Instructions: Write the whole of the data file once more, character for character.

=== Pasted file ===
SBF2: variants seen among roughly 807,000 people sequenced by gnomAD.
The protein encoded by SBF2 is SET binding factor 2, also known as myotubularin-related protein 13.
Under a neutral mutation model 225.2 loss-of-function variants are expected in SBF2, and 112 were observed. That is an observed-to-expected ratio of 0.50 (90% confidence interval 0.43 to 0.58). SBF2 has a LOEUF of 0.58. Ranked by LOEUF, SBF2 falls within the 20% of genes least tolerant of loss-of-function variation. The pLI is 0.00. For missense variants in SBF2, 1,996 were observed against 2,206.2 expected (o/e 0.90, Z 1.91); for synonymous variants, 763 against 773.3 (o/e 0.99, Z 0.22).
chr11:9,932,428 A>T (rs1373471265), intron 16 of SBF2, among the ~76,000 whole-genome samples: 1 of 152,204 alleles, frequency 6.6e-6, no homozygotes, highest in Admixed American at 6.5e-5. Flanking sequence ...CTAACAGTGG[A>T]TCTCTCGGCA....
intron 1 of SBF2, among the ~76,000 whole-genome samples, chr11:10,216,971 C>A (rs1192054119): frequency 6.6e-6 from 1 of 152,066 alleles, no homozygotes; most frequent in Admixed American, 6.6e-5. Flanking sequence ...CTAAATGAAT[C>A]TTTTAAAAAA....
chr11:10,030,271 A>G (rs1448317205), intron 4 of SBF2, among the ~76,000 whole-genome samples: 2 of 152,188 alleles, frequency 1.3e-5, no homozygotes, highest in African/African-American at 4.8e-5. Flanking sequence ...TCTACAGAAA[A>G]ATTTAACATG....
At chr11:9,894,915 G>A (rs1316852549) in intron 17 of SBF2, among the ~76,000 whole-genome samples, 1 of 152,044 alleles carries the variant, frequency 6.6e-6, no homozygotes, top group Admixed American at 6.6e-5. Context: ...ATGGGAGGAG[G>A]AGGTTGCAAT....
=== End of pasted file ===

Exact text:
SBF2: variants seen among roughly 807,000 people sequenced by gnomAD.
The protein encoded by SBF2 is SET binding factor 2, also known as myotubularin-related protein 13.
Under a neutral mutation model 225.2 loss-of-function variants are expected in SBF2, and 112 were observed. That is an observed-to-expected ratio of 0.50 (90% confidence interval 0.43 to 0.58). SBF2 has a LOEUF of 0.58. Ranked by LOEUF, SBF2 falls within the 20% of genes least tolerant of loss-of-function variation. The pLI is 0.00. For missense variants in SBF2, 1,996 were observed against 2,206.2 expected (o/e 0.90, Z 1.91); for synonymous variants, 763 against 773.3 (o/e 0.99, Z 0.22).
chr11:9,932,428 A>T (rs1373471265), intron 16 of SBF2, among the ~76,000 whole-genome samples: 1 of 152,204 alleles, frequency 6.6e-6, no homozygotes, highest in Admixed American at 6.5e-5. Flanking sequence ...CTAACAGTGG[A>T]TCTCTCGGCA....
intron 1 of SBF2, among the ~76,000 whole-genome samples, chr11:10,216,971 C>A (rs1192054119): frequency 6.6e-6 from 1 of 152,066 alleles, no homozygotes; most frequent in Admixed American, 6.6e-5. Flanking sequence ...CTAAATGAAT[C>A]TTTTAAAAAA....
chr11:10,030,271 A>G (rs1448317205), intron 4 of SBF2, among the ~76,000 whole-genome samples: 2 of 152,188 alleles, frequency 1.3e-5, no homozygotes, highest in African/African-American at 4.8e-5. Flanking sequence ...TCTACAGAAA[A>G]ATTTAACATG....
At chr11:9,894,915 G>A (rs1316852549) in intron 17 of SBF2, among the ~76,000 whole-genome samples, 1 of 152,044 alleles carries the variant, frequency 6.6e-6, no homozygotes, top group Admixed American at 6.6e-5. Context: ...ATGGGAGGAG[G>A]AGGTTGCAAT....